Case C-399/11 Melloni 
- Melloni was convicted in Italy for bankruptcy fraud, where he was tried in absentia (without his presence) and sentenced to 10 years in prison
- Many years later, he was apprehended by Spanish authorities, who sought to extradite Melloni to Italy, where he would be required to serve his sentence
- Melloni argued in front of the Spanish Constitutional Court that his right to a fair trial (in Italy) had been violated
- Should the Spanish Constitutional Court comply with EU law and extradite Melloni, violating its own national constitution in the process; or could the national constitution’s integrity be upheld?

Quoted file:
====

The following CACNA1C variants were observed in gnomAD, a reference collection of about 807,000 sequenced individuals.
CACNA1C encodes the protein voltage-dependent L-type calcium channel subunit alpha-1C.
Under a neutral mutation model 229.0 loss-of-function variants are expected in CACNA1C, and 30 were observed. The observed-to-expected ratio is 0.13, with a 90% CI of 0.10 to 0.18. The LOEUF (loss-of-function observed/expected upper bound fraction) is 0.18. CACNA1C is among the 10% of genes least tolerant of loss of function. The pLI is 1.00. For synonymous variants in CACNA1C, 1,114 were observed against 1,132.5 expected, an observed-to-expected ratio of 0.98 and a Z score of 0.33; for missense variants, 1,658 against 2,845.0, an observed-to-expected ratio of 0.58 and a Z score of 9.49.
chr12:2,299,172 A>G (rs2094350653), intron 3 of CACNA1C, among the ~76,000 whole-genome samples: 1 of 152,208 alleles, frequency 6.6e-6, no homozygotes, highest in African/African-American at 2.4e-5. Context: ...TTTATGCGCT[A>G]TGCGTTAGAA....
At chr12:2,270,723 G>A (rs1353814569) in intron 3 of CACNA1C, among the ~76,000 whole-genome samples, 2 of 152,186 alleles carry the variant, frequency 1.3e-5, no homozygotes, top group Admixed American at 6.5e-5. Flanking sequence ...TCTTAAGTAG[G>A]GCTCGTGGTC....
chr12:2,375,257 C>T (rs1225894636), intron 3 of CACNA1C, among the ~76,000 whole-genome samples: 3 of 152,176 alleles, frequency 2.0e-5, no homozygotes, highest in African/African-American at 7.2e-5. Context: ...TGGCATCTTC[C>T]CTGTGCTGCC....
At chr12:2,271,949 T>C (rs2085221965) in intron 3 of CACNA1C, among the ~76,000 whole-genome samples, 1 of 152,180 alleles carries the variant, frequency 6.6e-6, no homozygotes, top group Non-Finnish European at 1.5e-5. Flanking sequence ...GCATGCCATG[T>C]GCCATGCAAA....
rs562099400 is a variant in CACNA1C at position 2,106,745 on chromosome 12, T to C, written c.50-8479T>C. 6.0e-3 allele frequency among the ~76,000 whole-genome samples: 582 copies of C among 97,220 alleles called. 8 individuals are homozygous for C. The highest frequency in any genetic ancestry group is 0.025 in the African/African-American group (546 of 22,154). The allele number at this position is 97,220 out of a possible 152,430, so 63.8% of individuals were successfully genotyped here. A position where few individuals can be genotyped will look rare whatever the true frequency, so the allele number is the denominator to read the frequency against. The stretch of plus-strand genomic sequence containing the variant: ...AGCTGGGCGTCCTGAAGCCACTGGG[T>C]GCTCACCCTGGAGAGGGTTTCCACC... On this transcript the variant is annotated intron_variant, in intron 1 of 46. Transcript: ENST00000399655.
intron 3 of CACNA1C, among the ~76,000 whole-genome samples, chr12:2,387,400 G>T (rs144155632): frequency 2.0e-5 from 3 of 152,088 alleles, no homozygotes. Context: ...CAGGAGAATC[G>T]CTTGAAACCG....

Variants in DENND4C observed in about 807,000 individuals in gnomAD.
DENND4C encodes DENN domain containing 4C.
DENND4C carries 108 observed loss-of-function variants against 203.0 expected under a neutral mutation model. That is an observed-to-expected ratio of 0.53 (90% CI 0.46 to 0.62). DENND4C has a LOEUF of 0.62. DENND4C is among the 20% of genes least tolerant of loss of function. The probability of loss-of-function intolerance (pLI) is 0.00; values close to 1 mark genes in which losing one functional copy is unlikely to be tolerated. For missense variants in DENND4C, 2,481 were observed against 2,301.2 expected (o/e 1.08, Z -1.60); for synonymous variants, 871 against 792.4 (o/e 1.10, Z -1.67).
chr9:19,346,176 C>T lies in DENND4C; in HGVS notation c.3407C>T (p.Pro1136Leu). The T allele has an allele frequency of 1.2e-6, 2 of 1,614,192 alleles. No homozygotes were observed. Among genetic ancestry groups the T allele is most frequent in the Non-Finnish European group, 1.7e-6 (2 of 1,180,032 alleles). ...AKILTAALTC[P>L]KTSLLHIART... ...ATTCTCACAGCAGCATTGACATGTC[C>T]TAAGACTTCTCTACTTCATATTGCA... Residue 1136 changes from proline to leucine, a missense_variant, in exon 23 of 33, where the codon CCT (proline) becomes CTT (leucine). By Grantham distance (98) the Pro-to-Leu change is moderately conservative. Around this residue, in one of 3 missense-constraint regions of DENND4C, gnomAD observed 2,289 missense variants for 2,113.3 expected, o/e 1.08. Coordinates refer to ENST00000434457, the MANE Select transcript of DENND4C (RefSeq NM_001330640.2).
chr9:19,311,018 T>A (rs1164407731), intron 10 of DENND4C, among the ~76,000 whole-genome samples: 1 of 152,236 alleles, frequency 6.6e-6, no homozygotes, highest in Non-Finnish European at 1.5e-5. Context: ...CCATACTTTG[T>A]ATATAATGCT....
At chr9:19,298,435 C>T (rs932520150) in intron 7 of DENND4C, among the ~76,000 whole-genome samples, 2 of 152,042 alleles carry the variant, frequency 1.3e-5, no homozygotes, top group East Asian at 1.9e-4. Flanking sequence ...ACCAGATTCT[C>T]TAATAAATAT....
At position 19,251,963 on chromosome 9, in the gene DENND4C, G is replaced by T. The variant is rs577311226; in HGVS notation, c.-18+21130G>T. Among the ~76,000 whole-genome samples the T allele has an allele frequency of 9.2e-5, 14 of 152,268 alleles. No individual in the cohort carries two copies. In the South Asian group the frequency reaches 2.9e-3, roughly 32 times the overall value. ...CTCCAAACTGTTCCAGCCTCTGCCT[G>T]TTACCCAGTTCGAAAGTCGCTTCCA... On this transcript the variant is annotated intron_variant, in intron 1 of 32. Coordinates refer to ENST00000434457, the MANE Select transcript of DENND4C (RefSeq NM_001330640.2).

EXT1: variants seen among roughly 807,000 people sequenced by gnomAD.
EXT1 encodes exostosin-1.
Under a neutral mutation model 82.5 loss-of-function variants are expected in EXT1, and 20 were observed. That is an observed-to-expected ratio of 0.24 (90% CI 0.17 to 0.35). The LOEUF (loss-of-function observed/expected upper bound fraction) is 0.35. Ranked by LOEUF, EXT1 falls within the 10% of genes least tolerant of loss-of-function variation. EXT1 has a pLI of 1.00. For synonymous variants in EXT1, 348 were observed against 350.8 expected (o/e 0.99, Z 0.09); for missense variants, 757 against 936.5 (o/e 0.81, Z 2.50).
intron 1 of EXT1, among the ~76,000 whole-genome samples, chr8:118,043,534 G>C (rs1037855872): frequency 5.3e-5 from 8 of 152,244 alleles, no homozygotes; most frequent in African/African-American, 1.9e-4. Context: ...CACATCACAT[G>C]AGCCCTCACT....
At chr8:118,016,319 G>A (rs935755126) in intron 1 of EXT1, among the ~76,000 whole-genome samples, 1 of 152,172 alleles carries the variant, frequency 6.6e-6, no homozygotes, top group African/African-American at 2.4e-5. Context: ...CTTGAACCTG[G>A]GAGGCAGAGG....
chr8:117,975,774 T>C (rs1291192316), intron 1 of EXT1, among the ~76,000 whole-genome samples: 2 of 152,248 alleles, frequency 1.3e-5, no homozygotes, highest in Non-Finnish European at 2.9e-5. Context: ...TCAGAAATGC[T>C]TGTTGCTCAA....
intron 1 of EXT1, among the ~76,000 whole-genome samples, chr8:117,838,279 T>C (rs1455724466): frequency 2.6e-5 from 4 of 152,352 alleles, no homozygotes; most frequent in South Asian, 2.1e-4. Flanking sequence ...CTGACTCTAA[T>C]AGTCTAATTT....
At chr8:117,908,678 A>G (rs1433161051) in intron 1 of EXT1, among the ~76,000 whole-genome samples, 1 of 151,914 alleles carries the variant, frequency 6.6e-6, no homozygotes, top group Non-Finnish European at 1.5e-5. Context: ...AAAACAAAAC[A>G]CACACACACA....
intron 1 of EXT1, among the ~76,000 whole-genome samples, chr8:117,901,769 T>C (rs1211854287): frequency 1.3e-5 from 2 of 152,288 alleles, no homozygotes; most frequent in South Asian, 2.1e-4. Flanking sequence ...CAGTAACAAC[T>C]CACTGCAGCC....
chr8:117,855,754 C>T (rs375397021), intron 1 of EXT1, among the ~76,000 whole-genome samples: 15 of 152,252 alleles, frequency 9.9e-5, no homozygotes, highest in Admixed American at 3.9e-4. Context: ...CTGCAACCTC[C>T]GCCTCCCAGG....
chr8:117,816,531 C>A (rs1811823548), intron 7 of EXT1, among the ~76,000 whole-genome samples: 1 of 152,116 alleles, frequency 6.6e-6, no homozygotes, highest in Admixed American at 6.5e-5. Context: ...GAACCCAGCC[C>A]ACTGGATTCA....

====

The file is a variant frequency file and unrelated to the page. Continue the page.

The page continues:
- The Charter of Fundamental Rights of the European Union did not oppose trial in absentia
- The concept of a trial in absentia had been previously permitted by the European Court of Human Rights
- EU law is supreme over both national law and national constitutions
- The Spanish Constitutional Court changed the Spanish Constitution
- Advocate General Bot, in his opinion on this case, suggested that the Court of Justice’s attitude towards fundamental rights is based on an ‘EU way of life’
Posted in EU Law Revision Notes.
This page was last updated on 30th April 2015
© 2019 Webstroke Law - Terms